Using facial recognition tools, human DNA and artificial intelligence, US police tried to create a 3D model of a possible criminal’s face to help solve a dead-end case.

In 2017, detectives trying to solve the murder of Maria Jane Weidhofer came up with the idea of ​​how to solve the 30-year-old case. Weidhofer was found dead in Tilden, California in 1990. Nearly 30 years later, detectives sent genetic information collected from the crime scene to Parabon NanoLabs, a company that claims it can generate a face from DNA.

Parabon NanoLabs used the suspect’s DNA in its proprietary machine learning model. It soon gave the police department something detectives had never seen before: a potential suspect’s face created solely from crime scene evidence.

The image produced by Parabon NanoLabs was not a photograph. It was a 3D rendering of how the company’s algorithm predicted a person might look based on genetic attributes found in a DNA sample.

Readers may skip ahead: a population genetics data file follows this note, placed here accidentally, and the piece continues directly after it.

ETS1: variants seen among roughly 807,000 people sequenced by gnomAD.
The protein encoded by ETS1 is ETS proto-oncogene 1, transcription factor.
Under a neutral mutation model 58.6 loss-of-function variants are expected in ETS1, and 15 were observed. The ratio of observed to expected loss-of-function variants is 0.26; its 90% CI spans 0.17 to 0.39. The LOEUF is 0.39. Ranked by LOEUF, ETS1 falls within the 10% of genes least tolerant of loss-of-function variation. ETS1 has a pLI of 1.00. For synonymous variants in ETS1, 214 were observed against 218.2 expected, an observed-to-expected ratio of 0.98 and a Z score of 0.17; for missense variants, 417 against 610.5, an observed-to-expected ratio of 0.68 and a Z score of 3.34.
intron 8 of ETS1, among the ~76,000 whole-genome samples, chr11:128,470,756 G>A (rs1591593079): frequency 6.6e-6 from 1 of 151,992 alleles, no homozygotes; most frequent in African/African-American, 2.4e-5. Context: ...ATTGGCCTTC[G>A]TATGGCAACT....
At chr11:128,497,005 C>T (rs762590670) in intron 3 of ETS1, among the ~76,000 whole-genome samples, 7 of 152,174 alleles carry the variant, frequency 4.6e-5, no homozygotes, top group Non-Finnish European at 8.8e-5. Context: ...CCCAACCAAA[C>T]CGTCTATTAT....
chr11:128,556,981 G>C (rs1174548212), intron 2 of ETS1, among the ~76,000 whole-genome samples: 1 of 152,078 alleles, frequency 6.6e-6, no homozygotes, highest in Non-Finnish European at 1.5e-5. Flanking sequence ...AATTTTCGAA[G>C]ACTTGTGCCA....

The company suggested that the killer’s face was male. She had fair skin, brown eyes and hair, no freckles and thick eyebrows. A forensics expert working for the company photoshopped the man into a vague, close-cropped haircut and gave him a mustache, an artistic addition that came from the witness’s description, not the DNA sample.

Police released the predicted face in an attempt to ask the public for tips. In 2020, one of the detectives also ran the rendering through facial recognition software. It is not yet known whether the criminal will be caught with this.

Source: Wired